Whom to Thank for This Mess

Bad decisions starting in the '80s triggered the credit crisis
By Ambreen Ali,  Newser User
Posted Dec 9, 2008 2:59 PM CST

(Newser) – This financial crisis brewed over decades of bad decisions, and, in Vanity Fair, economist Joseph Stiglitz makes sure credit is given where due:

  • In 1987 President Reagan appointed anti-regulation Alan Greenspan to a regulatory post.
  • Greenspan offered the markets a "flood of liquidity" that boosted inflation and caused two financial bubbles.
  • The Glass-Steagall Act was repealed in 1999, allowing commercial banks to become high-risk borrowers.

  • President Bush's tax cuts failed to bolster the economy, so the Fed lowered interest rates.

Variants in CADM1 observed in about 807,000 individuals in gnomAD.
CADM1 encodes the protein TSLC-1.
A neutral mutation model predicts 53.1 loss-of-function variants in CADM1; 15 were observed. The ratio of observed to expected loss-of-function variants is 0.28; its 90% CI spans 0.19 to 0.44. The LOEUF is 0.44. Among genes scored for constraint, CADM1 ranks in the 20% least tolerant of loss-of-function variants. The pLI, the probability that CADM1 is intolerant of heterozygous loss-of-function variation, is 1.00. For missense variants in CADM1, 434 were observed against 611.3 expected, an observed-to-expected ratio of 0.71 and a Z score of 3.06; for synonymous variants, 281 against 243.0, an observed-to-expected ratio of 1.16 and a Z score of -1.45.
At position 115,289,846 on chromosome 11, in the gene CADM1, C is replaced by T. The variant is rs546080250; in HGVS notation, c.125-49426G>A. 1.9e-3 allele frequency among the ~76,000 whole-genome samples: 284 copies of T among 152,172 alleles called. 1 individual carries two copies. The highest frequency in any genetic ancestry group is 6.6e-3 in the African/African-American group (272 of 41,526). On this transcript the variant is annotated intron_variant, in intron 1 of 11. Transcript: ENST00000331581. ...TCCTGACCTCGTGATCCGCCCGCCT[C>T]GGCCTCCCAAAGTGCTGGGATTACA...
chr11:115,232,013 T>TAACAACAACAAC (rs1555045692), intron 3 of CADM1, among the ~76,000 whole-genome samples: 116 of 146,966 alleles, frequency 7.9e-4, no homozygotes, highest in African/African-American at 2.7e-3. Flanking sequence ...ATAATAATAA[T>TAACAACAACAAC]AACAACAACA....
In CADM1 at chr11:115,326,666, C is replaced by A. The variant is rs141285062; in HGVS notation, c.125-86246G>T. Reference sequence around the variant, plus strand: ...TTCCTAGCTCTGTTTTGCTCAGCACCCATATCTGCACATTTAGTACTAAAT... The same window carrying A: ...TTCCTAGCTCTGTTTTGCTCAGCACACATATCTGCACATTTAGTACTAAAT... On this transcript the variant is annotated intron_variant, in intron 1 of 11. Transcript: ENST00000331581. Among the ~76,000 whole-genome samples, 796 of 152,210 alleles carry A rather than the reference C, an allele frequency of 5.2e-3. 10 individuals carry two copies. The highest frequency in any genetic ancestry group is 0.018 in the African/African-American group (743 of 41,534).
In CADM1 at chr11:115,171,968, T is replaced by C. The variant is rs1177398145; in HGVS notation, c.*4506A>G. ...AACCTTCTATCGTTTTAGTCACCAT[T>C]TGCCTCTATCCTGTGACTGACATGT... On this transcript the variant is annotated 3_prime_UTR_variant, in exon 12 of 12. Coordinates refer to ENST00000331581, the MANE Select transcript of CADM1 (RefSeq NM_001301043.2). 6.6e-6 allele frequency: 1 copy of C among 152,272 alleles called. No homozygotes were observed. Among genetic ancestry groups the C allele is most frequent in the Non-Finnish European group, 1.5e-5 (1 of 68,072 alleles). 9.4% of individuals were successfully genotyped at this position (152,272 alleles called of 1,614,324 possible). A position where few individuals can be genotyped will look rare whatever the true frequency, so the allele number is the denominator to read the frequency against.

• Soaring oil prices forced the US to spend hundreds of billions, funded through loans.
  • Accounting legislation ignored stock options, whose arbitrary value allows for balance sheets to be superficially inflated.
  • Treasury Secretary Henry Paulson haphazardly bailed out companies this fall, and still hasn't "addressed the underlying reasons" for frozen credit.